The Role of HIV in Serious Diseases Other Than AIDS

Andrew N. Phillips; James Neaton; Jens D. Lundgren


AIDS. 2008;22(18):2409-2418. 

In This Article


Now that we are over 10 years into the HAART era in resource-rich countries the major clinical impact of this therapy on reduced AIDS events and AIDS deaths has been well described[1] and in the past few years the focus has turned to describing and understanding what residual clinical disease remains in populations of HIV-infected individuals. As death rates may be still falling in HIV-infected patients,[2,3] at 0.5-1.0% per year, there is still a considerable excess risk compared with the general population. The breakdown of causes of death of patients has been described based on a study of deaths occurring in 2005 in France.[4] AIDS diseases were responsible for only 36% of deaths, with a further 5% due to non-AIDS infections. Other leading causes of death were non-AIDS cancers (16%), liver disease (15%), cardiovascular disease (9%), and suicide (5%). In a United States study, Lau et al.[5] found that risk of death from non-AIDS conditions was greater than that for AIDS conditions for persons with CD4 count above 200/mm3.

Now with fewer AIDS deaths we have of course observed an increase in the proportion of deaths due to non-AIDS causes, however, this does not mean to say that there has been an increase in the rate of non-AIDS - quite the reverse in fact. Unpublished data from EuroSIDA on trends over calendar time in rates of non-AIDS death (Fig. 1) indicate that the start of the HAART era was actually accompanied by a decline in the rate of death from non-AIDS causes ([6] and Personal communication), a finding that has been observed in other studies.[7] This at first somewhat puzzling observation suggests that perhaps HIV may be playing a role in other diseases well beyond the 26 diseases which characterize AIDS. As we keep people with HIV alive for longer there will be an ever-growing number of people with HIV. If HIV is influencing risk of these events, particularly if it does so in the higher CD4 count range where the majority of treated patients hopefully will be, then it is very important to be aware of this and to study it. In this article we briefly consider what rationale (i.e., potential mechanisms) there might be to hypothesize that HIV may play a role in causing diseases such as non-AIDS malignancy, liver cirrhosis, end stage renal disease and serious cardiovascular events (e.g., myocardial infarction, stroke and surgery for coronary artery disease). Collectively, we refer to these as serious non-AIDS events. We then go on to review studies, which have data on incidence of serious non-AIDS disease, death, or both, from these diseases to build up a picture of the current state of knowledge. We finish by suggesting the implications for future research and current clinical care of patients. This review is not intended to consider adverse effects due to antiretroviral drugs (ART), although it is recognized that it is not always easy to separate the effects of HIV from the effects of ART.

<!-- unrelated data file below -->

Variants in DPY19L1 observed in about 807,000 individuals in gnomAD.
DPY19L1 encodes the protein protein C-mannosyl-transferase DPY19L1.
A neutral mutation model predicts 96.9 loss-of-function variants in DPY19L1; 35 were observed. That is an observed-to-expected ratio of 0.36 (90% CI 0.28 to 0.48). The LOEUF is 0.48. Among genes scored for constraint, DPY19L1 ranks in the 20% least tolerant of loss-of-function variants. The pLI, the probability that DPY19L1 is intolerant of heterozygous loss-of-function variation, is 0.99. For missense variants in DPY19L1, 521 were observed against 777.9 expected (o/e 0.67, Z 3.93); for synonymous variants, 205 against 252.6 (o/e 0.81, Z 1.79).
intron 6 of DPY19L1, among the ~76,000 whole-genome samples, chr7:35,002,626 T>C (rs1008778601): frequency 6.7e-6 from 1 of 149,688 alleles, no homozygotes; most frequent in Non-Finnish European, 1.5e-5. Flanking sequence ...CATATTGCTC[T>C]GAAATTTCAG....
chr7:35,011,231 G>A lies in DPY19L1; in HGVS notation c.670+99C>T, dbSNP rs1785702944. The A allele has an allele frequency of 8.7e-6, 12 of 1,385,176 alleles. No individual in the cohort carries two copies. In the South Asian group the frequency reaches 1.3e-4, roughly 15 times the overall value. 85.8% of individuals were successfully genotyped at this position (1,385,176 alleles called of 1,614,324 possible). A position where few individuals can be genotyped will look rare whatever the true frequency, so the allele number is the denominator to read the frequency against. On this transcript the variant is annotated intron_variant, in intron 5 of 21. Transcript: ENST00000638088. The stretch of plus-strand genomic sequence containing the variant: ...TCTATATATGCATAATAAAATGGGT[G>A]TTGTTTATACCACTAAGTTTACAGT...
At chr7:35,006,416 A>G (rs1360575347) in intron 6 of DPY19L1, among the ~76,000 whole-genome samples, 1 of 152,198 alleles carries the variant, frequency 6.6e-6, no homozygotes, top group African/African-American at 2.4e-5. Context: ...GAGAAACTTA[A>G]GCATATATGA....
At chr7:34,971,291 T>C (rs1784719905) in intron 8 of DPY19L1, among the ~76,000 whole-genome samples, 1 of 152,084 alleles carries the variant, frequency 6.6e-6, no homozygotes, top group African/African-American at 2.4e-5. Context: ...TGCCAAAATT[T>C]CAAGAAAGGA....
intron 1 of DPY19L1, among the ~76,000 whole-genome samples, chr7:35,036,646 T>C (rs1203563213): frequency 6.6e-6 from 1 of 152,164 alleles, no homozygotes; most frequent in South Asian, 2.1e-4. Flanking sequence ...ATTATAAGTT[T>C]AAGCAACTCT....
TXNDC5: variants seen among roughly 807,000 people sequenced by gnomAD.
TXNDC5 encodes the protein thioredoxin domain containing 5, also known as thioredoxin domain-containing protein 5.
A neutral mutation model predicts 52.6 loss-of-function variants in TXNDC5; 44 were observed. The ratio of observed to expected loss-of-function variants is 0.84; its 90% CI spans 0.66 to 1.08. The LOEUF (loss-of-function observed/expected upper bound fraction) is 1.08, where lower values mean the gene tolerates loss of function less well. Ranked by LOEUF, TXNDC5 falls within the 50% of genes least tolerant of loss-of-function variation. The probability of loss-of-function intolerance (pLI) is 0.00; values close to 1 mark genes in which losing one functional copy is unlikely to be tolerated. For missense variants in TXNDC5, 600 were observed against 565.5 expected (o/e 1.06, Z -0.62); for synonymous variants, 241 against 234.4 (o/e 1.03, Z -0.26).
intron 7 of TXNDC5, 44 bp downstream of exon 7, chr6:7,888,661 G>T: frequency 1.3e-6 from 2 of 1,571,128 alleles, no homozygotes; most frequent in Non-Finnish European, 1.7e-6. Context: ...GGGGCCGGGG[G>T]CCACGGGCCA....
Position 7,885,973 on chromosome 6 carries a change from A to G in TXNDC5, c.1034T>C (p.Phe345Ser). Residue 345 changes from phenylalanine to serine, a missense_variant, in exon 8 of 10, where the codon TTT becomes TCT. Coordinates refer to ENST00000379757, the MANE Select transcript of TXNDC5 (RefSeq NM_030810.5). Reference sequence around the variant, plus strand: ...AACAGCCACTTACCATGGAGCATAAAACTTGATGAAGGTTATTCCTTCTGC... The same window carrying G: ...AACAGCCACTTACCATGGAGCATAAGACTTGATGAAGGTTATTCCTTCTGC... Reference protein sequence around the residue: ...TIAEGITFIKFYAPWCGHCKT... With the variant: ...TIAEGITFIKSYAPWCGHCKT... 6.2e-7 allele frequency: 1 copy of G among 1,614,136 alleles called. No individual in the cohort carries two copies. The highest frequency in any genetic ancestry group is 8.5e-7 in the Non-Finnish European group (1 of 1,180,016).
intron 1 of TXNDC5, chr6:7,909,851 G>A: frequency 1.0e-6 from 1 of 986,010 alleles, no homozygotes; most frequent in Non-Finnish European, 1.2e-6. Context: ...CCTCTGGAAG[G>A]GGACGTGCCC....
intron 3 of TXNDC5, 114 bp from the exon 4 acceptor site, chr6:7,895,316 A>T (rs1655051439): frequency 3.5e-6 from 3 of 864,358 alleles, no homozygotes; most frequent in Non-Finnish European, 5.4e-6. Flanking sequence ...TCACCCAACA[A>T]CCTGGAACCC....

Figure 1.

Rate of non-AIDS death by calendar time: EuroSIDA. Adapted with permission from.[6]


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